Ever since I was a kid, I was told my thighs were too big, and that I should get into sports so my legs would look thin and toned like my cousins. When I was 16-17 years old, my weight drastically dropped due to multiple illnesses. The same people told me I looked sickly and that I should gain more weight.
Fast forward to today, it’s safe to say I was able to bounce back to a healthier state after I got cured. But I would still hear people telling me either “Ang payat mo” (You’re so thin) or “Ang taba mo na ngayon” (You look fat now). They are both meant as compliments, but should I be thanking them when they feel like subtle digs for me to work out to get to an “ideal size”?
Our society dictates what’s acceptable in terms of body size. They claim that you have to be skinny and muscular to be deemed attractive, sexy, and healthy. But when the flabs show up, you are immediately physically ugly or on your way to obesity.
So when someone is told they look skinnier, they’re immediate response is “Thank you.” They then talk about how they lost the extra pounds.
In the past few years, I’ve learned to love my body and brush off backhanded comments about it. The body positivity movement taught me and many women to do so. But at the back of my mind, I would find myself thinking I don’t look “enough” because I don’t have abs and clear skin, and I’m not athletic—all equating to society’s standard of acceptable beauty, even in body-positive terms.
READ MORE: What body positivity really means
Here’s the deal: Loving the body you have and telling yourself you’re beautiful is different from accepting despite all the flaws. This brings us to body neutrality, which “aims to encourage you to accept the body you are in and focus on its achievements, rather than its appearance.”
Time cited that body positivity was created for plus-size women to reclaim the word “fat.” As years went by, many felt excluded by the movement. As Stephanie Yeboah told the Guardian, “Now, in order to be body positive, you have to be acceptably fat—size 16 and under, or white, or very pretty. It’s not a movement that I feel represents me any more.”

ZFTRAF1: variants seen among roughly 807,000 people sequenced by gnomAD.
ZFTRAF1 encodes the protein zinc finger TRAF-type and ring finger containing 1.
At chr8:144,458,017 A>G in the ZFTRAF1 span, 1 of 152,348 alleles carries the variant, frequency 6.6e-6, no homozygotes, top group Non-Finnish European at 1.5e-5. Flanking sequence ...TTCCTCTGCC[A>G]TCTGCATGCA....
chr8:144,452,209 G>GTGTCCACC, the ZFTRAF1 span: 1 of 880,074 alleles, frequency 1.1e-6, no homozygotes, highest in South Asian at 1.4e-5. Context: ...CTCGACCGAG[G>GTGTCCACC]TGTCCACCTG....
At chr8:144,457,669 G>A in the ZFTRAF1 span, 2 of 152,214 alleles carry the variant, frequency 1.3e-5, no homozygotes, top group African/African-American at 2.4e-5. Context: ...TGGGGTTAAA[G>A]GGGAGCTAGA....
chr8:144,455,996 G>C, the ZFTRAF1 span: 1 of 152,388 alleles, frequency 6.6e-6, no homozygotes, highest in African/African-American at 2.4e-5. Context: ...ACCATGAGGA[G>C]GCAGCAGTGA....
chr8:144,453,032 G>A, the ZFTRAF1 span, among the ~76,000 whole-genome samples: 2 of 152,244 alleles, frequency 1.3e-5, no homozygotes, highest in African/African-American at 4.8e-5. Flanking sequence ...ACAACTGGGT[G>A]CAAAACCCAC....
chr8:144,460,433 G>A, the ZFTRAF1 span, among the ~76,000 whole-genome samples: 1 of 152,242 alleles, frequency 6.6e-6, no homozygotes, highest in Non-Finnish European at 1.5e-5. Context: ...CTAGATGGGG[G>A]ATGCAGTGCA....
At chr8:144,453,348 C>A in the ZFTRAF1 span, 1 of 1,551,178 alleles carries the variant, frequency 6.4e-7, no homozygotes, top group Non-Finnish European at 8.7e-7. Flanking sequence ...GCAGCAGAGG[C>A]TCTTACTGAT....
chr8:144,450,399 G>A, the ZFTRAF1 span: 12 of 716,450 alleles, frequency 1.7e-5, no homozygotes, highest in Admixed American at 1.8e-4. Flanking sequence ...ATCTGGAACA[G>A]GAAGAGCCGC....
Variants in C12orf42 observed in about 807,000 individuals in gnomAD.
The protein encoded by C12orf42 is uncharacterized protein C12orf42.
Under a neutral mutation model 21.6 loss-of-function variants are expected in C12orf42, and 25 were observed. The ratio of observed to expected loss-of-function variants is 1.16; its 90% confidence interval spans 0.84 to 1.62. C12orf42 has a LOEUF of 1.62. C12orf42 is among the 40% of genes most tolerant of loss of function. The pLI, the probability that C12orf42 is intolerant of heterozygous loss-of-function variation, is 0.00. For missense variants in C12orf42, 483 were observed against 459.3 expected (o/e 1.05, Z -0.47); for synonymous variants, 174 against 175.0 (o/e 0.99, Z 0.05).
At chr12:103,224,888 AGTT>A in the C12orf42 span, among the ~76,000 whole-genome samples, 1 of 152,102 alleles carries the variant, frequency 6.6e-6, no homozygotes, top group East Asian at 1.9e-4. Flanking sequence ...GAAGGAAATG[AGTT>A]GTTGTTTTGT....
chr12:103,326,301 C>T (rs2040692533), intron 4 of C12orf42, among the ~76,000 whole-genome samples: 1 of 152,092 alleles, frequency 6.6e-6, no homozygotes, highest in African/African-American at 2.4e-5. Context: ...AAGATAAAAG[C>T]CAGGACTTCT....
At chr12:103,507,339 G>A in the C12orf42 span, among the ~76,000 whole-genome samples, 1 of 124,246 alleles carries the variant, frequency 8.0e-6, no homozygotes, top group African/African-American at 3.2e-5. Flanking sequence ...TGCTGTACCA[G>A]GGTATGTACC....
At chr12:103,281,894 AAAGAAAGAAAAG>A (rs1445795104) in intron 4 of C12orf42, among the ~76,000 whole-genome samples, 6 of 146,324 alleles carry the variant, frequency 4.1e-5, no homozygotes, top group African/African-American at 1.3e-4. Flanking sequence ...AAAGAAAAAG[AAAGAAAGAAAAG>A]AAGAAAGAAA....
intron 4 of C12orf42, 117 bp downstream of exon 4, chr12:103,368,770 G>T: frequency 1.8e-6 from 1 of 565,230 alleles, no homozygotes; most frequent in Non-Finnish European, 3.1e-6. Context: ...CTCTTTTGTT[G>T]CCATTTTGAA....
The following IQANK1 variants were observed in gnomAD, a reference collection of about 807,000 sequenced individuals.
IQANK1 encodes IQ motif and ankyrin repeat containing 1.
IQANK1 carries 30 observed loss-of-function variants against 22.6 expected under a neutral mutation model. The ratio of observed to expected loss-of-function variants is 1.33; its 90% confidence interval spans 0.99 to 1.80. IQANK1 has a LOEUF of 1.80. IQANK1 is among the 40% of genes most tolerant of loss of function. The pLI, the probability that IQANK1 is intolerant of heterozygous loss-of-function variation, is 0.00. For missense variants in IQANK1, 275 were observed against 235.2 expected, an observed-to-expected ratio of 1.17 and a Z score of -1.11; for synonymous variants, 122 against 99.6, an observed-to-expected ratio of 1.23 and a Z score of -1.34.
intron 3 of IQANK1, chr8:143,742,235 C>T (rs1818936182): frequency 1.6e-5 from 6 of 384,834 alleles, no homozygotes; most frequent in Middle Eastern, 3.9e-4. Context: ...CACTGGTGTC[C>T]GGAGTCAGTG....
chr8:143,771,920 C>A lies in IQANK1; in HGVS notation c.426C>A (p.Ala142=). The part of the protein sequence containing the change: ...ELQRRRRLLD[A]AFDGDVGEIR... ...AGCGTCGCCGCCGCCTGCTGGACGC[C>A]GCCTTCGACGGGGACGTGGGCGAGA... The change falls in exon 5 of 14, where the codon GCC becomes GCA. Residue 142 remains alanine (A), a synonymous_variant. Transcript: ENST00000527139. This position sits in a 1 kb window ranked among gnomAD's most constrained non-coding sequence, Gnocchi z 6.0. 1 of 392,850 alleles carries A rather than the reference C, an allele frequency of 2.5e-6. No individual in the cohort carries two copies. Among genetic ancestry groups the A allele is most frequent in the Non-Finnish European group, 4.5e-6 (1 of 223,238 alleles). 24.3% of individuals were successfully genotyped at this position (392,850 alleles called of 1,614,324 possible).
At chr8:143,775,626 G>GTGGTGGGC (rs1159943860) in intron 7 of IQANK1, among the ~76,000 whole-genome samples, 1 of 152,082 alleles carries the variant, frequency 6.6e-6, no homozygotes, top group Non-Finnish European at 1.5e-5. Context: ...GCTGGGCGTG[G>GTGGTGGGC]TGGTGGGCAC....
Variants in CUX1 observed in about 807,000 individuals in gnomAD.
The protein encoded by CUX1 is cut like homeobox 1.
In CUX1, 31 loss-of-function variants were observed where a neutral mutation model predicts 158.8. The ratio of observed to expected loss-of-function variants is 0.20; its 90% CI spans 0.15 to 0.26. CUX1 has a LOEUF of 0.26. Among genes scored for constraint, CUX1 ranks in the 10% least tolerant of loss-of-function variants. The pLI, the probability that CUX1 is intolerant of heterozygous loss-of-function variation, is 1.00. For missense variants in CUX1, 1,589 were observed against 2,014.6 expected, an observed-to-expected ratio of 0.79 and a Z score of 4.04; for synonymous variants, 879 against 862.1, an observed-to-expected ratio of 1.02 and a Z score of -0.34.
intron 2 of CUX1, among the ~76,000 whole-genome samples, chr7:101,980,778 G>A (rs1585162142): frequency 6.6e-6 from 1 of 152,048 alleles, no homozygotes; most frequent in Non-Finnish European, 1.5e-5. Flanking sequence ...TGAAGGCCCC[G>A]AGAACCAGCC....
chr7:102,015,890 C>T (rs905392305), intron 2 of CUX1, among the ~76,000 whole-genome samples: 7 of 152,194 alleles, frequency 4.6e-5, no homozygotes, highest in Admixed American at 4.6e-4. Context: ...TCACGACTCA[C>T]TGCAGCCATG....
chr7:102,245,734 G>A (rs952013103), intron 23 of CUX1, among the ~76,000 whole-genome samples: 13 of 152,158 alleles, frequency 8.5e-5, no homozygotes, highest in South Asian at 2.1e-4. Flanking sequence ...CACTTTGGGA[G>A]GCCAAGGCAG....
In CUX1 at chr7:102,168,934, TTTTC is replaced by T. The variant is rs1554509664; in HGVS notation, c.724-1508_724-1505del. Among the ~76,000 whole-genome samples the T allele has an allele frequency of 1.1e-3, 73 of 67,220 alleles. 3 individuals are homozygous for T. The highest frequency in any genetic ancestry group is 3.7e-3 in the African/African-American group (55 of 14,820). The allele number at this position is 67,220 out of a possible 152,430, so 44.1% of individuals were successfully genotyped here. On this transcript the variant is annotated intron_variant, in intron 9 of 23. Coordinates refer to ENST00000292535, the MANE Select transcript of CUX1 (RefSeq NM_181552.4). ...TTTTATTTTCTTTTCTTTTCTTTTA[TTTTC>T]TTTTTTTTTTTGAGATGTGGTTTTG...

Whereas neutrality means you have to look at your body without a assigning value to it. This dismantles the idea that you have to look a certain way to feel contentment. Basically, if you feel happy with yourself and appreciate you body’s strengths, then what you look on the outside shouldn’t affect your perception of yourself. Likewise, it teaches you to not hate yourself if you dislike something about your body.
To put it simply from Anuschka Rees’ book, Beyond Beautiful: “Understand that your outer shell is only a single, not all that interesting part of yourself.”
One perfect example is dancer Whitney Thore, who has candidly talked about gaining weight because of PCOS. She is a woman who constantly breaks the “fat” stereotype, and shows everyone how she stays on top of her health while still raising a middle finger on what’s considered “attractive and normal” in societal standards. “Being fit and healthy, none of that is exclusive to the size of your body. All the negative stereotypes of fat people, I try to crush that,” she told us last December.
So, when someone compliments your body size, you shouldn’t answer with gratitude. A person’s worth shouldn’t be measured based on their exterior. If you think they are beautiful and smart, state it. Weight has nothing to do with this.
Now, I’m looking past the phrases I’ve heard my whole life—”You are fat because of your thighs” and “You are ugly because of your scars”—and ultimately being okay with how I look. I’ve allowed myself to dress and present in a way that’s comfortable for me, not based on what society people around me have deemed appealing for my body.
Art by Marian Hukom
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